It's been a historic year for anniversaries, among them is Steven Spielberg's immortal "Animaniacs" cartoon recently turning 20. Yes, this year marks two decades since the Warner Brothers (and the Warner Sister) began escaping from the watertower to wreck havoc on the Warner movie lot. While the show's given countless memories of celebrity skewering, social irreverence and general absurdity the generations of children since, another important aspect of the show is its original music. Largely composed by Richard Stone, who took home four Emmy awards during the shows run and died of pancreatic cancer in 2001, the music of "Animaniacs" managed to transcend the realm of children's programming and wind up in classrooms, allowing kids to laugh and learn at the same time. It is with great anvils that we look back at our top five favorite songs from "Animaniacs."5) "The Senses"
The average kids shows that wanted to teach you something would take a fact or idea, find a melody and repeatedly beat you over the head with it until you changed the channel to something more satisfyingly violent. "Animaniacs" knew how to keep an act moving, interesting and sneak in bonus tidbits along the way. Case in point, "The Senses," where the first verse easily explains the five senses, but THEN continues to define seemingly every colloquial variant of "sense" in the English language. The Warners stay dropping jewels.4) "Wakko's America"
Revisiting the show, a lot of the more adult references on "Animaniacs" really stand out. That's not solely referring to the subtle innuendo of the show (which does exist) but the jokes that absolutely no child would get at the time. Believe my surprise when the segue into "Wakko's America" begins with a joke about Valerie Bertinelli. Following that, we get Wakko breaking down each of the 50 states and their capitals without forcing a rhyme or missing one, leading up to a pretty great gag that, thanks to the perpetual relevance of "Jeopardy," remains funny even today.3) "Pinky and the Brain" Theme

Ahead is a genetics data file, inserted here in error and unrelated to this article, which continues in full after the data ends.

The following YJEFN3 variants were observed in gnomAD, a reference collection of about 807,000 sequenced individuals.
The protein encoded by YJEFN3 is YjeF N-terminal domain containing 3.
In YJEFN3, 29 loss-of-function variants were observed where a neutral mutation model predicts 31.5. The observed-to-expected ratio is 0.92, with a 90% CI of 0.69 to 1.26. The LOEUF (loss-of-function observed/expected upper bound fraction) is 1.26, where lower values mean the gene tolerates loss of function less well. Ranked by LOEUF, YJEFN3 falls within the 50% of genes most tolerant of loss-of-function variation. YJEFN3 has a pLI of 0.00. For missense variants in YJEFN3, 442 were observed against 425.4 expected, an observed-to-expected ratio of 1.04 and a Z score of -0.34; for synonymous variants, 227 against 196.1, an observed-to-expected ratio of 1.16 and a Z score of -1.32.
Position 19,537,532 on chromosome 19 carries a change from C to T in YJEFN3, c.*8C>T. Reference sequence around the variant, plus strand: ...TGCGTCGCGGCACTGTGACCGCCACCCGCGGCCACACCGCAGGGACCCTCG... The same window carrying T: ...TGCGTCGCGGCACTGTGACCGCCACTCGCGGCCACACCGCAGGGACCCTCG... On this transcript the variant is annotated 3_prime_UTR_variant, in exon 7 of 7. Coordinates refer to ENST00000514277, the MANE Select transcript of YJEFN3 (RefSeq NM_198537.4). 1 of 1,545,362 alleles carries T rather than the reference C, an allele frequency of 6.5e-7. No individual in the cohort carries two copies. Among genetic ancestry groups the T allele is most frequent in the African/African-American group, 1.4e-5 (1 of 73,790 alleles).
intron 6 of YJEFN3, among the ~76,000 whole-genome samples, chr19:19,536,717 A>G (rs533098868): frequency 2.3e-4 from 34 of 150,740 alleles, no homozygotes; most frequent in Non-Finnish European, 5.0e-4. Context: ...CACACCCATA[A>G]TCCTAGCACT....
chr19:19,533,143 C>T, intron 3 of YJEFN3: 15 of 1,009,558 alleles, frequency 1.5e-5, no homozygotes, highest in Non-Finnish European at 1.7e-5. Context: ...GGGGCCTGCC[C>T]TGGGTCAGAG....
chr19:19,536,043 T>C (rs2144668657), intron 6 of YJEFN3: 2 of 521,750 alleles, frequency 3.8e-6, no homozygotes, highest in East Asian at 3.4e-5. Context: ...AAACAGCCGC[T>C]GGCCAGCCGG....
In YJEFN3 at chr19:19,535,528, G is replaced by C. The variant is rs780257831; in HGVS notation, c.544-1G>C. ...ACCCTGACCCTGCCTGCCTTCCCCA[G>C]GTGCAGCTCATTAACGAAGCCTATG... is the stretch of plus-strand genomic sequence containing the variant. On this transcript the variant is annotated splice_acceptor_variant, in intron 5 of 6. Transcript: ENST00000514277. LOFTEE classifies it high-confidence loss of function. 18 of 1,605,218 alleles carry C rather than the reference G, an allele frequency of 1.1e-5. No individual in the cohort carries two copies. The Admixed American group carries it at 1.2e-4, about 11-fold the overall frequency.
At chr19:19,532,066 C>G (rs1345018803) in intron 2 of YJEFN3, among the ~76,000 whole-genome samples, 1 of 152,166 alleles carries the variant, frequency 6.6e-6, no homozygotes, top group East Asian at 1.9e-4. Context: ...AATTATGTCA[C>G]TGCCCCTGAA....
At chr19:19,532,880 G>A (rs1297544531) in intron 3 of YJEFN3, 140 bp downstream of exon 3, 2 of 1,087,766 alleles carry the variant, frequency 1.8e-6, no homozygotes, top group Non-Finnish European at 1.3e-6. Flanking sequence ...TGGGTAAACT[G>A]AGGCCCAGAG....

The beauty of theme songs, even truncated 30 second ones, are their ability to quickly introduce a character and set a tone for a narrative. Their catchiness can also lead to the plots being more memorable. Case in point, the "Pinky and the Brain" theme. When the lovably psychotic laboratory mice duo landed its own spin-off show on the WB, the theme song was kept, even when the lyrics were translated as it was brought to other countries. Are you pondering what we're pondering?2) Theme from "Animaniacs"
No matter what happened at school, you were promised a solid half-hour of laughter once you heard "it's time for Animaniacs." Along with effectively catching the wacky fun vibe of the show into one quick unforgettable tune, we get a brief-but-effective glimpse at the cast of characters as well as a scale of jokes for all ages. An Emmy Award-winning tune with lyrics by Tom Ruegger, it's remained among the most instantly recognizable themes in children's television.
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An absolute triumph of children's music, "Yakko's World" has become one of the most popular children's songs of the 90s. A hit on the show, demand for it became so big that Fox Kids began airing the segment in-between other programs, further increasing its popularity, eventually leading the the music from the show being released on an official soundtrack. Rob Paulsen, the voice of Yakko, still gets asked to perform the song at public appearances, proving no matter how old you get, there's nothing like hearing all the nations of the world sung to you in under three minutes. Those are the facts.